Venture DealsI’ve been meaning to read Brad Feld’s, Venture Deals: Be Smarter Than Your Lawyer and Venture Capitalist (Amazon) for a very long time. The book has aged and may not be directly relevant today. However, this is a good refresher/history lesson and a preparedness book if you live in the Startup world and are raising or plan to raise Venture Capitals for your Startup.
The book explains the inner-workings of the venture capital deal process to entrepreneurs and investors. It explores the different stages of financings, describes the many types of investors who might fund your company, and goes through the venture capital term sheet in-depth. It explains effective negotiating strategies and covers various types of funding, including equity, traditional convertible debt, venture bank debt, or one of the newer practices of crowdfunding and pre-sales.The new 2019’s 4th Edition includes revisions and updates to negotiating, gender issues, ICO’s, and economic terms. Several new chapters examine legal and procedural considerations relevant to fundraising, venture bank debt, etc.
Team & Company CultureThis year, I focused my reading quite a lot about team and culture. One of the most-talked-about, good book turns out to be Ben Horowitz’s What You Do Is Who You Are: How to Create Your Business Culture. Ben Horowitz, co-founder and general partner of Andreessen Horowitz venture capital, writes about his experiences and insights from his career as a computer science student, software engineer, co-founder, CEO, and investor.
“Culture is not like a mission statement; you can’t just set it up and have it last forever. There’s a saying in the military that if you see something below standard and do nothing, then you’ve set a new standard. This is also true of culture—if you see something off-culture and ignore it, you’ve created a new culture.”
The Culture Code: The Secrets of Highly Successful Groups by Daniel Coyle who believes that, “Culture is a set of living relationships working toward a shared goal. It’s not something you are, it’s something you do.”
Radical Candor by Kim Malone Scott is another interesting book on developing a culture of optimal management. Kim managed teams at Google, Apple, and has been practicing a new approach to effective management — “radical candor”.
Radical candor is the sweet spot between managers who are obnoxiously aggressive on one side and ruinously empathetic on the other. It’s about providing guidance, which involves a mix of praise as well as criticism—delivered to produce better results and help employees achieve.Radical Candor offers a guide to those bewildered or exhausted by management, written for bosses and those who manage bosses. The book shows managers how to be successful while retaining their humanity, finding meaning in their job, and creating an environment where people both love their work and their colleagues.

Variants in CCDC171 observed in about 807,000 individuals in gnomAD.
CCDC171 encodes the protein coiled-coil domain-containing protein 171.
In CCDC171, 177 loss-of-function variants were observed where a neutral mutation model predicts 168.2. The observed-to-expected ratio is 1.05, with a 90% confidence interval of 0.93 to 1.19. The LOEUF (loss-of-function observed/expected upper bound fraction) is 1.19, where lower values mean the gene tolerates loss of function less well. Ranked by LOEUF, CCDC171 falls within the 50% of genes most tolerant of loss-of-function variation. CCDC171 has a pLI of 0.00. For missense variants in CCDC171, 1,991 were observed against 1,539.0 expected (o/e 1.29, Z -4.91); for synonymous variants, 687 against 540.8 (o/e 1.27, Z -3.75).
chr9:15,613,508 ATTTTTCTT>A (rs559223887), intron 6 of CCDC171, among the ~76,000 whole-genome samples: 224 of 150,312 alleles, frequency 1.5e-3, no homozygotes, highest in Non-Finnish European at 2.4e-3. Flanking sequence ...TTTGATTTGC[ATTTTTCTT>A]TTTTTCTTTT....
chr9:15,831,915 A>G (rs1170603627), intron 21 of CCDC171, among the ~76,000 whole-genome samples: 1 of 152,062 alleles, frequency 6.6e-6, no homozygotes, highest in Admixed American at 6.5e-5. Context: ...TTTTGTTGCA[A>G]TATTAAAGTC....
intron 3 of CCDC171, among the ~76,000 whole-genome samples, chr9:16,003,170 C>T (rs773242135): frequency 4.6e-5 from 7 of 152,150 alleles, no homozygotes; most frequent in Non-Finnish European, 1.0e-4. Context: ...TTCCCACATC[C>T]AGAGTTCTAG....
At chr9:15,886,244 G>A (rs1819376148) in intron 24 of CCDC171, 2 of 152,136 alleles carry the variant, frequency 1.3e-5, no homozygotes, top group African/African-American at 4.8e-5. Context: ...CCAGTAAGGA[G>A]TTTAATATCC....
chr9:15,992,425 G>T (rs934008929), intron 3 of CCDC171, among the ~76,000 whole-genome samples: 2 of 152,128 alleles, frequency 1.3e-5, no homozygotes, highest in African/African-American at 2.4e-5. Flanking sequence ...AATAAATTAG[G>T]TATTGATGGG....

Starting, Failing, Re-Starting
Of course, I did read quite a lot of books on Business, Ideas, and Stories about companies’ successes and failures.
The Launch Pad: Inside Y Combinator, Silicon Valley’s Most Exclusive School for Startups by Randall E. Stross is an un-official insider book about Y Combinator. Every 6-month, Y Combinator selects an elite group of young entrepreneurs from around the world for three months of intense work and instruction. The Startups are given a seemingly impossible challenge: to turn a raw idea into a viable business, fast.
We don’t change the world by starting with our brilliant ideas, our dreams; we change the world by helping others to live their dreams. The story of ideas that fly is the story of the people who embrace them, love them, adopt them, care about them and share them. Successful ideas are the ones that become meaningful to others—helping them to see what’s possible for them.
But for every groundbreaking business that started this way, a thousand others have stalled or failed. Why? What’s the secret to success? What do Khan Academy, the GoPro camera, the Dyson vacuum cleaner and Kickstarter have in common? Every business that flies starts not with the best idea, the biggest budget or better marketing, but with the story of someone who wants to do something—and can’t.
If you’re building a product, then you should be testing with moms. The Mom Test is a quick read and will give you some practical guide that will save you time, money, and heartbreak. Talking to customers is one of the foundational skills of both Customer Development and Lean Startup. We all know we’re supposed to do it, but nobody seems willing to admit that it’s easy to screw up and hard to do right. This book shows you how customer conversations go wrong and how you can do better.